The opening statements in George Zimmerman’s murder trial began with a stunning decision by defense attorney Don West to inject an attempt at humor. In addition to stammering, verbal meandering and seeming unclear about his own words for the majority of the statement, he offered a knock-knock joke that fell flat, sealing the lackluster performance with shocked silence from the jury and courtroom, and forcing him to ask for laughs.
I’ve seen hundreds of courtroom trials over the course of my career, both as a Federal agent and as a private investigator. I’ve been on the witness stand, hired as a consulted expert and just an interested party sitting in court, and I’m not sure I’ve seen anything like this in over 40 years of experience.
If that was legal strategy, at best it was to set up a future defense that Zimmerman is being badly represented. An opening statement should be polished, appropriate and to the point, and in such a high profile case, the lead attorney often delivers it. None of those things can be said of this one.
Indeed, the opening statement joke has not only raised eyebrows in legal communities and mainstream political and news commentaries, it has put the trial in the spotlight of such noted satire comedians as Stephen Colbert, of The Colbert Report on Comedy Central. Colbert poked open fun at the statement including an edited photo of O.J. Simpson attorney Johnnie Cochran and an edited video clip of the fictional small town attorney, Atticus Finch, from the movie, To Kill a Mockingbird, both designed to show how ridiculous the Zimmerman defense came off to the public in general.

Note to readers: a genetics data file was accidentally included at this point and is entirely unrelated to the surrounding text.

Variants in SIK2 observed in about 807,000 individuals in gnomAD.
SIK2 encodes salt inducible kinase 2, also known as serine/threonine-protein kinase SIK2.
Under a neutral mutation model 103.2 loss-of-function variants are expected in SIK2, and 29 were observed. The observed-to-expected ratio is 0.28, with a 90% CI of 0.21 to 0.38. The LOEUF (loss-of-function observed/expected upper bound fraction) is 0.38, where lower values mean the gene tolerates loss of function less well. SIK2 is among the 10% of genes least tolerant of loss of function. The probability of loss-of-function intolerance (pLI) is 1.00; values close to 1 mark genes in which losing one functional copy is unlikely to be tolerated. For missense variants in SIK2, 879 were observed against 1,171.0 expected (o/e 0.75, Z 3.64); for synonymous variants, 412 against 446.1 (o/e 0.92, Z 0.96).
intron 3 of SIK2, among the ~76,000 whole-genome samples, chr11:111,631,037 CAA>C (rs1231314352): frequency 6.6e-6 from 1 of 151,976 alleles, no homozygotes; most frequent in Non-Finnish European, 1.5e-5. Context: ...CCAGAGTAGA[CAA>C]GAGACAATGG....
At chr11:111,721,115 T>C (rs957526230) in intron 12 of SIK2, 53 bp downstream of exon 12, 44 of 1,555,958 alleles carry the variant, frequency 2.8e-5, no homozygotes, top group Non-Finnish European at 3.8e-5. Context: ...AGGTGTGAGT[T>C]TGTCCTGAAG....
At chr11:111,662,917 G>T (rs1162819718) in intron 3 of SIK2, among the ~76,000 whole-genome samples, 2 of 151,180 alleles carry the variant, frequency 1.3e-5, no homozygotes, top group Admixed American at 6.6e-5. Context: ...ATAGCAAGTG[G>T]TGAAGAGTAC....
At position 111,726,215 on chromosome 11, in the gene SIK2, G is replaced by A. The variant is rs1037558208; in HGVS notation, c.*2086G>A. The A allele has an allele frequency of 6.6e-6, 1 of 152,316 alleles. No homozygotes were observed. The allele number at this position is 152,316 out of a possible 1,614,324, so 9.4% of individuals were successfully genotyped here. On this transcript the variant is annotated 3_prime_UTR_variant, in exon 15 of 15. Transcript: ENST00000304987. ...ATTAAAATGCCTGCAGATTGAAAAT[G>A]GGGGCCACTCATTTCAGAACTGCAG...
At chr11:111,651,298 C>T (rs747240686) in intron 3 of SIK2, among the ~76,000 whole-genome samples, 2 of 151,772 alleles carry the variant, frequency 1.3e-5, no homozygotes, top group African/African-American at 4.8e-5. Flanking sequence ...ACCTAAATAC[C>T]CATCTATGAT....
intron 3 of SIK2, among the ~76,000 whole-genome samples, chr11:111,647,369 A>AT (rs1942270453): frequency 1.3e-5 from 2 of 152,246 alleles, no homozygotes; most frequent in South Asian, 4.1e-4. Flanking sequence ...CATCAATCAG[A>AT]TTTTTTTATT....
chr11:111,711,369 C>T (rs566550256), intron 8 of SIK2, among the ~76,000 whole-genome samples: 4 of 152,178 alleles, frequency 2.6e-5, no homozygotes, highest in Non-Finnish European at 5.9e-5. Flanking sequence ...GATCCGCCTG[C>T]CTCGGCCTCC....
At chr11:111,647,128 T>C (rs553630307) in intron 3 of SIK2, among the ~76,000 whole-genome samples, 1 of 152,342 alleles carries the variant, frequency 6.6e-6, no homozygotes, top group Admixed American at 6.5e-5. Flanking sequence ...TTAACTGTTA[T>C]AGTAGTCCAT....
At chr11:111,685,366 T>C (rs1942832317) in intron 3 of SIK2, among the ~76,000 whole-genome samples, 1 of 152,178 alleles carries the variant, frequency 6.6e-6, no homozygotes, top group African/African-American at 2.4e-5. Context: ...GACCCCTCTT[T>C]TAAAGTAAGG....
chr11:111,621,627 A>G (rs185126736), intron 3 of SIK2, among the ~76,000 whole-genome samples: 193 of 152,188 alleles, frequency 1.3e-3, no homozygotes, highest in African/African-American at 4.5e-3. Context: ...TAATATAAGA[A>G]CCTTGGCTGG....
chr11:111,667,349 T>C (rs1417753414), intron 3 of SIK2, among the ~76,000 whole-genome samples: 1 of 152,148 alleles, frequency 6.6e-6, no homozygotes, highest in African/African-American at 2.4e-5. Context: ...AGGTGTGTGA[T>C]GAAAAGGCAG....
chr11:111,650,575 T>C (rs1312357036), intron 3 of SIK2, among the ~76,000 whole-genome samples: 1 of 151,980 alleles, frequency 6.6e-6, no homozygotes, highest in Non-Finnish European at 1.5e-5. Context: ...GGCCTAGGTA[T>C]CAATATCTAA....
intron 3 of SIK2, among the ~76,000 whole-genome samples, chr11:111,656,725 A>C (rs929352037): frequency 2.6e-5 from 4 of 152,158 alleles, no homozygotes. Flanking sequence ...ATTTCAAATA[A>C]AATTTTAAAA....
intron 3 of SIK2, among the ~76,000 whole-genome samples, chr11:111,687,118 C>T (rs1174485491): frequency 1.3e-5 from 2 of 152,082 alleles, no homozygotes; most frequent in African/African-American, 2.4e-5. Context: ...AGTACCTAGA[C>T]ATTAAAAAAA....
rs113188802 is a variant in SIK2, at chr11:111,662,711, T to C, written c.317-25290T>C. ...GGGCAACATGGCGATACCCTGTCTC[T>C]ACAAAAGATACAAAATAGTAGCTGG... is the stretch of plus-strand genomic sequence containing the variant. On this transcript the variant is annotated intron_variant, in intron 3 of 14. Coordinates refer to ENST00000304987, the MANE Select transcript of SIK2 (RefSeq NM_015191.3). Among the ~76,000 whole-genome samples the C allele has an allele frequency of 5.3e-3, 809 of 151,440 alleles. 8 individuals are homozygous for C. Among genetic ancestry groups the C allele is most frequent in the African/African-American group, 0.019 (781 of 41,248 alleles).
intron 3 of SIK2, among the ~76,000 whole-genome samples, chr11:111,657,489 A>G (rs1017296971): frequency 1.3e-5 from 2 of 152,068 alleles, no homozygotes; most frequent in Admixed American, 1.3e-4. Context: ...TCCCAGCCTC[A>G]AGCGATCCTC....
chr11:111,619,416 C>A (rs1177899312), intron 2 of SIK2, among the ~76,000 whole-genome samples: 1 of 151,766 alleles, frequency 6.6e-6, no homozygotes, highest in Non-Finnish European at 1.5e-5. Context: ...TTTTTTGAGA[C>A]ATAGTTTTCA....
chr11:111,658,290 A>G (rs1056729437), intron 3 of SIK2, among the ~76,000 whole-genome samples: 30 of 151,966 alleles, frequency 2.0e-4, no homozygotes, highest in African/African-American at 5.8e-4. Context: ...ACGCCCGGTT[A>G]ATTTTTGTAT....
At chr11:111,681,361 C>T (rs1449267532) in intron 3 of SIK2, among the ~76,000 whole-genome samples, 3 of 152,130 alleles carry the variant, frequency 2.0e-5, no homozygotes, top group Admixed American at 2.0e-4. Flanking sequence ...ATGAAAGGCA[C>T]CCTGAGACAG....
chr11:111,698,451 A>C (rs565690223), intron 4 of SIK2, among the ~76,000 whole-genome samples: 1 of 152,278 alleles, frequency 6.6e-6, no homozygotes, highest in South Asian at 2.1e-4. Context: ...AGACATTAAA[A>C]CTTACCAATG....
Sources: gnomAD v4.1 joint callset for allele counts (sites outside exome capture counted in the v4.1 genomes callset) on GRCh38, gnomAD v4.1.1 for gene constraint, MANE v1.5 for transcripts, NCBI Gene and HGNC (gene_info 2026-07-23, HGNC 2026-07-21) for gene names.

Much of this case hinges on facts difficult (if not impossible) to prove. The FBI can’t tell you who is on the audio tape screaming, Zimmerman or Trayvon Martin, and if they can’t tell you, there is no definitive answer.
It will come down to a trial of battling experts, each trying to be the most convincing. If I were George Zimmerman, I would be quite concerned after that opening statement.
The opening statement might be negated by stellar defense performance or other factors later in the trial, but you never erase a moment like that from the minds of the jury, nor anyone else who has seen it. And at this point, that includes much of the world. Neither side ended up with their ideal jury, the impact of which remains to be seen.
George Zimmerman is charged with the murder of Trayvon Martin, an unarmed teenager that Zimmerman claimed was threatening his safety. The trial is expected to last up to four weeks.